'...for when he moves, his house moves, too, and nothing can prevent it'
He poked his head in the door and asked me if I was sure, and honestly, I thought I was, so I lied.
"Completely," I told my husband. "Take it to the curb."
As soon as the door slammed shut behind him, I sat statue still for one, two, three, four, five seconds (I know it was exactly five because I counted each tick, forcing myself not to change my mind and go stop him) before I jumped up from the couch, dashed through the family room and the kitchen, then screeched to a halt at the front door window just as he was rounding the front of the house, dragging the Little Tykes turtle sandbox behind him. You think turtles move at a snail's pace? Not the case when my husband is leading the parade.
With a muffled thud, the sandbox came to rest at the curb amid an assortment of empty cardboard boxes, peg boards, and metal shelving, waiting to be picked over by the junk vultures. When my husband turned to venture back into the garage in what I hoped would be a sequel to his first successful release, Quest For Useless Shit We (Meaning You, Tool Man) Don't Need, he caught me watching from the window, so I smiled, barely, and lifted my hand up in what I imagined he'd take as a friendly gesture. A thumbs up that would encourage him to forage deeper where once a car fit for him to find more to throw out along with the sandbox.
But really? Really my wave was meant as a final salute to the turtle sandbox that's been (strike that now - HAD been) in our backyard for the last eight years. I thought I'd been ready to see it go. Honestly. But when I got up Saturday morning and raised the blinds to open the windows so I could hear the boys playing in the backyard and they could hear me yelling out to them to quit wrestling, stop touching him already, for the love of God didn't we already have this discussion yesterday, my eyes immediately fell on the perfectly round circle of dirt in the middle of the yard where the turtle had made it's home and, speaking of for the love of God, my heart filled with regret.
It's not that the boys have played in the turtle sandbox much over the last couple of years. Hell, it's not like the turtle sandbox had held it's primary ingredient for the last couple of years! But what it was (no longer is) was a link to my boys when they were little.
Little, little, little.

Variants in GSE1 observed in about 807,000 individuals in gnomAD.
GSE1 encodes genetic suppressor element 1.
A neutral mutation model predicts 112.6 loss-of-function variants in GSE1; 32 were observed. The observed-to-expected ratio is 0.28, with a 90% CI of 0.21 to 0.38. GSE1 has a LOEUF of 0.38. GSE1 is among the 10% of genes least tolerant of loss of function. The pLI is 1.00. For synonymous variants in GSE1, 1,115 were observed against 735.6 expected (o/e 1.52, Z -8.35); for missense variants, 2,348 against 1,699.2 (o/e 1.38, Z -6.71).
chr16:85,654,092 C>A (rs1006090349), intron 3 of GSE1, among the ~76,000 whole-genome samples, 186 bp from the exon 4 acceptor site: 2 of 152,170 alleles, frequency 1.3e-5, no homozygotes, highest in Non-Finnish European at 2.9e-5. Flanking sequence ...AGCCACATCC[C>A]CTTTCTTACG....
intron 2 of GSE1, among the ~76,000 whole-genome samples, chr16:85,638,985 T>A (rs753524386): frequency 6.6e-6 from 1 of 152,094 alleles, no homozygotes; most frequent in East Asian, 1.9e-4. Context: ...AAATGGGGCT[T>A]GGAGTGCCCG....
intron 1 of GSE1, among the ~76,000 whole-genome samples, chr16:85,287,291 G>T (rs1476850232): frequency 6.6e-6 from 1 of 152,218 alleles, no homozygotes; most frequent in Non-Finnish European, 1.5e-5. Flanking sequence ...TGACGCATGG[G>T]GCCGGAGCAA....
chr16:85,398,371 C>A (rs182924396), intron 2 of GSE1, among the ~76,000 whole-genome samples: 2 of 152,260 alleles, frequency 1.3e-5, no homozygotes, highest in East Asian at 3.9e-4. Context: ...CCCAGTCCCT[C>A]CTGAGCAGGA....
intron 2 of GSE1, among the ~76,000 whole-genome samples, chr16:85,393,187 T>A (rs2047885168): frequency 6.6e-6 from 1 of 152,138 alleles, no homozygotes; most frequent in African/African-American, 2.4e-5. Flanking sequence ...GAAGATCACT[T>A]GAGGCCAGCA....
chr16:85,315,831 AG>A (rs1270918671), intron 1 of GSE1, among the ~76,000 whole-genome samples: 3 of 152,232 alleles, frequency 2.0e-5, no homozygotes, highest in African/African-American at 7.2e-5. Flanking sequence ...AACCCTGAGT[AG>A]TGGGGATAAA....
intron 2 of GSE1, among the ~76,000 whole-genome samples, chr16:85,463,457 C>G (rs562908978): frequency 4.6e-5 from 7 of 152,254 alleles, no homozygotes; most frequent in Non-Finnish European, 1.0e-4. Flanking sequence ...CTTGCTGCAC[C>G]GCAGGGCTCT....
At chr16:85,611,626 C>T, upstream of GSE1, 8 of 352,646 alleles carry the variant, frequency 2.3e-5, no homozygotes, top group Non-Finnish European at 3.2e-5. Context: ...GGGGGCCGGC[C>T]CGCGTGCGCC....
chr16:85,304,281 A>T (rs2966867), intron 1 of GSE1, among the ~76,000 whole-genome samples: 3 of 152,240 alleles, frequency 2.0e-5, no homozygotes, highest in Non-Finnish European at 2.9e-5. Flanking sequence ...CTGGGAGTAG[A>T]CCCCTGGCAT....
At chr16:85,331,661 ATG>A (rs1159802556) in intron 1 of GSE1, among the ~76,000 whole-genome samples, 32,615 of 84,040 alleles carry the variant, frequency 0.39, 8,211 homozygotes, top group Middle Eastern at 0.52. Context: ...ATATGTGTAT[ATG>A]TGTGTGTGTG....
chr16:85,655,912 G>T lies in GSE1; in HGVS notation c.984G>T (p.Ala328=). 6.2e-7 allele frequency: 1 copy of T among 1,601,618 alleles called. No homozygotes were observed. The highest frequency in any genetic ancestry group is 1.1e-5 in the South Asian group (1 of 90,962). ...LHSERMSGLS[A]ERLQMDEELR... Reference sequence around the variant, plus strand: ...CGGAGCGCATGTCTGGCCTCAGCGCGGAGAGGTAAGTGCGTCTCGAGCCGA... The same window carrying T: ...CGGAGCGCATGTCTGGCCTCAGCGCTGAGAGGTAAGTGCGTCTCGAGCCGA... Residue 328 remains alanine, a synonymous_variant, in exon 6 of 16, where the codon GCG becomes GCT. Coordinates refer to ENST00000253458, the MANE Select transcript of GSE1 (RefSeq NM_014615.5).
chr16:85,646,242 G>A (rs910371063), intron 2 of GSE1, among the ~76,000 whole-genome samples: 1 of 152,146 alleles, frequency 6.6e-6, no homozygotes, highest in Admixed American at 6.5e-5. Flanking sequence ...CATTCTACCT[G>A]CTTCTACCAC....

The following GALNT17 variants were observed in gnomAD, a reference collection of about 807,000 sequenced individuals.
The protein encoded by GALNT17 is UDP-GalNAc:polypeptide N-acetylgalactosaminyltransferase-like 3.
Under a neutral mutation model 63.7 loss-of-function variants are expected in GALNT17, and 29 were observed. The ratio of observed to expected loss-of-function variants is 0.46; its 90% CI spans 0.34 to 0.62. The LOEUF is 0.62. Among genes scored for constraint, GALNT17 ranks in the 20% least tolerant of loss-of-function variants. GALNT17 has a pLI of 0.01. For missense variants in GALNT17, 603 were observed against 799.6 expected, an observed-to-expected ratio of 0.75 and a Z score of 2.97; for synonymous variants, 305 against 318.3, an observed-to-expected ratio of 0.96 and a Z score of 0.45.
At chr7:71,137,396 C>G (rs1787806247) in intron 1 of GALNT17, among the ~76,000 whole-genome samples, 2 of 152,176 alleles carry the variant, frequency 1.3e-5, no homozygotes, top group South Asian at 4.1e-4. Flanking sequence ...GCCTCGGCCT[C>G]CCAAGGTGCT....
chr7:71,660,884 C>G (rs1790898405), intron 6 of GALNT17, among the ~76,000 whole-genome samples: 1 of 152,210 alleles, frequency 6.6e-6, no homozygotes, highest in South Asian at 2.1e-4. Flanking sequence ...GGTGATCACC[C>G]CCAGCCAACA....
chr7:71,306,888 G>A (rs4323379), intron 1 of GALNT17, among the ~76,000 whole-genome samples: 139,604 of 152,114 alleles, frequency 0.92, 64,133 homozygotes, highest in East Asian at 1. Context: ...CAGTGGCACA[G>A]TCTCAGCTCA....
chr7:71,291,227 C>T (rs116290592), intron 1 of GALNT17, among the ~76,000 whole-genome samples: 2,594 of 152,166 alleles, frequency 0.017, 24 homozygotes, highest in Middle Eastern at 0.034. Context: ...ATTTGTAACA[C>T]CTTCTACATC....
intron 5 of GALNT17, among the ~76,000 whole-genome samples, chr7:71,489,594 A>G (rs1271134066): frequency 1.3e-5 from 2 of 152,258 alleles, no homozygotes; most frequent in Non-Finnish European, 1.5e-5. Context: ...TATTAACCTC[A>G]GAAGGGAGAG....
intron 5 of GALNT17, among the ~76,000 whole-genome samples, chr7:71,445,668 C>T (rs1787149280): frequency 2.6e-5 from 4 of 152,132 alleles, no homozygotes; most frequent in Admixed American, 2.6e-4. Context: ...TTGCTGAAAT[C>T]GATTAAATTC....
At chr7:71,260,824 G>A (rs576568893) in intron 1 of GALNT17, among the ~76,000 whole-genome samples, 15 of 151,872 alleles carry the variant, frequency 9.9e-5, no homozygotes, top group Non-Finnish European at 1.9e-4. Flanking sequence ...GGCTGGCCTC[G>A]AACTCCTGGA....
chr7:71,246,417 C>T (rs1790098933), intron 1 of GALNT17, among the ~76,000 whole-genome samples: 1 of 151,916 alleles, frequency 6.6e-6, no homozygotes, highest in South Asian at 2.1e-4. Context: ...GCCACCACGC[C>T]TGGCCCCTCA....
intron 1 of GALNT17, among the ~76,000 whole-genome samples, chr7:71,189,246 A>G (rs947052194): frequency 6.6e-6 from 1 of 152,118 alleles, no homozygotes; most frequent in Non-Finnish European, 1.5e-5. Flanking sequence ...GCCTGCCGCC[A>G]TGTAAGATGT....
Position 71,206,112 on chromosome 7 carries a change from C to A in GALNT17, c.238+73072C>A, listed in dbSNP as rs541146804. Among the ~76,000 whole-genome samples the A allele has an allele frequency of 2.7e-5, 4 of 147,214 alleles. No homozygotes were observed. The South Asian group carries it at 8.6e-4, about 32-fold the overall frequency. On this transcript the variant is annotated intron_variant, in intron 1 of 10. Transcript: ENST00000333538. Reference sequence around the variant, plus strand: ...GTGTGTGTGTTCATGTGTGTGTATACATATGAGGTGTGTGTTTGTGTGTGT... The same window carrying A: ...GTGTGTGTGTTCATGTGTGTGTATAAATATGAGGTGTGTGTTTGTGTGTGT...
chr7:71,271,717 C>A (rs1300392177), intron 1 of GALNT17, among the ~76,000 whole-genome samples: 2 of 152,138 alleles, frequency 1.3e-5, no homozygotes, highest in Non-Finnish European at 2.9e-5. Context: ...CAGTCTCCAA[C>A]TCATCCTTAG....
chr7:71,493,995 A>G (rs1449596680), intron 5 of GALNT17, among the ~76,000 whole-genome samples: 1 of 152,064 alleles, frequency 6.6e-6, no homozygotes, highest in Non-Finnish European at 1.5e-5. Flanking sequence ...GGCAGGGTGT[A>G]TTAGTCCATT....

Like I want them to still be.
Little tykes, you might say.
But as they like to remind me by their actions if not necessarily their words, my boys aren't such little tykes anymore. The days when we'd tumble out into the backyard to uncover the sandbox and explore ended, really, last summer, when I spent more time reminding them the turtle's hard outer shell was there to cover the sand, not act as a springboard for their backyard gymnastics. We very rarely had tiny sand castles to build anymore. Less frequently were the least favorite Matchbox cars brought out to bust through elaborate sand dunes. The days of sifting through the grains in a quest for gold became fewer, and the imaginary restaurant where I'd watch two chefs stir pots with plastic shovels while placing orders for plates of spaghetti and slices of blueberry pie was closed down, a victim of either the economy or the health inspectors. By the time I told my husband to drag it to the curb last Friday, the turtle sandbox had become more a petri dish where the latest pandemic was likely brewing, and it's lid, split and faded, no longer wanted to heal after another last ditch duct tape surgery.
By next week, grass will be growing in the space where the turtle sandbox has (had) rested for years. My boys will race over it while in the midst of some new game, and perhaps they'll forget the days we spent kneeled around the turtle's innards while building elaborate systems of dams and rivers we filled with bucket after bucket of water from the outdoor spigot. That's OK, really. But I'm pretty sure I won't, because like a turtle's long lifespan, my memories of my no longer so little boys will remain, even if the turtle sandbox doesn't.